LiveFreeOrDieInTheGo writes "Dell intends to scale back its build-to-order service model, while increasing sales of prepackaged systems. The goal: $3B USD savings by 2011. The downside: customers expect Dell to build-to-order. The deeper downside: Dell will outsource more production and assembly."
Technical Writing Geek writes "A new report finds that, for the first time, virus infections have slipped to the second spot on the list of computer security troublemakers. In first place— a company's own workers. 'The Computer Security Institute has just released the 2007 edition (PDF) of its long-running "Computer Crime and Security Survey," and it offers some dreary news for overworked computer security admins: average losses from attacks have surged this year. More surprising is the finding that the single biggest security threat faced by corporate networks doesn't come from virus writers any more; instead, it comes from company insiders.'"
toddatcw writes "In the wake of the Minneapolis Interstate 35W bridge collapse this week, Computerworld investigates ongoing research which could someday help to prevent future disasters. Acoustic emissions detection systems, which listen for the sounds of metal snapping on structures, are already sold and fitted. Likewise, a new generation of detector systems that monitor for tilting of bridge columns and piers are being designed, prototyped, and researched. 'Sound waves move more efficiently through solid objects than through air, making any sounds easier to listen out for, Tamutus said. "It's not amazing. It's simple. Doctors use stethoscopes all the time. If you put your ear on a train track, you can hear a train approaching from far away... The Sensor Highway II systems, which are portable and can be moved from bridge to bridge as needed, usually cost between $20,000 to several hundred thousand dollars each. Typically, evaluations take between one day and a week.'"
coondoggie writes "Earlier this year Captain America was slain as the climax to Marvel Comics' Civil War event. The renowned hero will be buried in the next issue of Marvel Comics' 'Fallen Son,' due on July 5. 'Writer Jeph Loeb has been busy working through the stages of grief in his most recent titles, according to an Associated Press story. A book centered on Wolverine dealt with denial; one with the Avengers covered anger; and Spider-Man battled depression. With the story line so relevant to present-day politics, and the timing of the latest issue so precise, it's hard not to think the whole thing is one big slam on the government.'"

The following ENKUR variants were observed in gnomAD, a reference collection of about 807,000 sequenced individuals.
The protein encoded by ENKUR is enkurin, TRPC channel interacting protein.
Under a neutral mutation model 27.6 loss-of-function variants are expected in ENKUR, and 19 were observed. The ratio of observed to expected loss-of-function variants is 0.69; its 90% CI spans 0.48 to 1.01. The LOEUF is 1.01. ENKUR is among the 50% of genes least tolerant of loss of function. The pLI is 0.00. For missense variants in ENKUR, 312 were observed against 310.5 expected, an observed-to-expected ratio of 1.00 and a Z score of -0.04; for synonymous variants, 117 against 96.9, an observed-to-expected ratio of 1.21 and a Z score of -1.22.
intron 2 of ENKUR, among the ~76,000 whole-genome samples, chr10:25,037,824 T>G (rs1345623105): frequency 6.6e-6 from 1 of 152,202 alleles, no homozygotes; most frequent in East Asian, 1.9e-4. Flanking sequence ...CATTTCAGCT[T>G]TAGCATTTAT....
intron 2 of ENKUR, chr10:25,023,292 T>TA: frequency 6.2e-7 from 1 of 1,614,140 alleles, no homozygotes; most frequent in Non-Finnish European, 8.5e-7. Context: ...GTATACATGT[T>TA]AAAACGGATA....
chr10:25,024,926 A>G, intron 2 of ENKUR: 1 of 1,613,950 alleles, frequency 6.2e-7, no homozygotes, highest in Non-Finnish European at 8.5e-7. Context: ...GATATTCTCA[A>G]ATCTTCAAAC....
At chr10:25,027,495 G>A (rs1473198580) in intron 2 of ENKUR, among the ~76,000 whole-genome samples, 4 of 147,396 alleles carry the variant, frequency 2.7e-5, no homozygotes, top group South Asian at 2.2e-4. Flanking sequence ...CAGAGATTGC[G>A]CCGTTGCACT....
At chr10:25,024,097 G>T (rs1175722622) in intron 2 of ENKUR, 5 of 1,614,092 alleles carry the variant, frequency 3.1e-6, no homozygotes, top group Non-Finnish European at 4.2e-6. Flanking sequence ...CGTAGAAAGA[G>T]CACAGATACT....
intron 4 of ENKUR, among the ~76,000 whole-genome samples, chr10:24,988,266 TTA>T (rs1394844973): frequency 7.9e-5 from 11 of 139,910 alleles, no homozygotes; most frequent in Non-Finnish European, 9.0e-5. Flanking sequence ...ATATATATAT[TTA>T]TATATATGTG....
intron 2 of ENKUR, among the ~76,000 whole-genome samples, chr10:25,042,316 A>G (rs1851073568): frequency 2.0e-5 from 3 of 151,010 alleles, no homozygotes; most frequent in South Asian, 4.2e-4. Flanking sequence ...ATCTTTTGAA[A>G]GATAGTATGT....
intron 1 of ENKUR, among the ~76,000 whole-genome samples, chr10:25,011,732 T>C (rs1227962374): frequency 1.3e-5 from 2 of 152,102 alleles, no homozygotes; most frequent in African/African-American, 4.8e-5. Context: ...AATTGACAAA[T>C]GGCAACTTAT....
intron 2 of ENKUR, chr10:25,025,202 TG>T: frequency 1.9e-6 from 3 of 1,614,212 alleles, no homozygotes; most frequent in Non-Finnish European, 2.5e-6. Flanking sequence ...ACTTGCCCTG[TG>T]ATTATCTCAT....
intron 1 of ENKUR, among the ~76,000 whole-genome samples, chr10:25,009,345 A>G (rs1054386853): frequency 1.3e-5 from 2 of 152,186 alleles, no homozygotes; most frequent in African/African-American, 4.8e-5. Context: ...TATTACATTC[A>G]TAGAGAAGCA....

mw13068 writes "In a recent article in the Seattle Post Intelligencer FSF General Council Eben Moglen points out that the Microsoft SUSE coupons have no expiration date. The result? 'Microsoft can be sure that some coupons will be turned into Novell in return for software after the effective date of GPL 3. Once that has happened, patent defenses will, under the license, have moved out into the broad community and be available to anybody who Microsoft should ever sue for infringement.' Groklaw is also covering the story in it's inimitable way."
BuggyUser writes "Bugzilla, the popular application to track and manage software development bug reports, has moved up to version 3.0. The 2.x series has been in service for the last nine years. From the article: 'According to the Bugzilla 3.0 release announcement, some of the new features in this version include custom fields, support for the Apache mod_perl module, per-product permissions, an XML-RPC interface, and the ability to create and edit bugs via email. A demo site has been set up where users can test the new version before downloading.'" Linux.com and Slashdot.org are both owned by OSTG.
NewYorkCountryLawyer writes "The RIAA seems to have a problem making things stick in the Windy City. It has once again backed down in BMG v. Thao, after suing a misidentified defendant. Same thing occurred last October in Elektra v. Wilke. In the Thao case, the RIAA based its case on information that the cable modem used to partake in file sharing was registered to Mr. Thao. However, it turned out that Mr. Thao was not even a subscriber (pdf) of the ISP (pdf) at the time of the alleged file-sharing, and therefore did not have possession of the suspect cable modem at that time."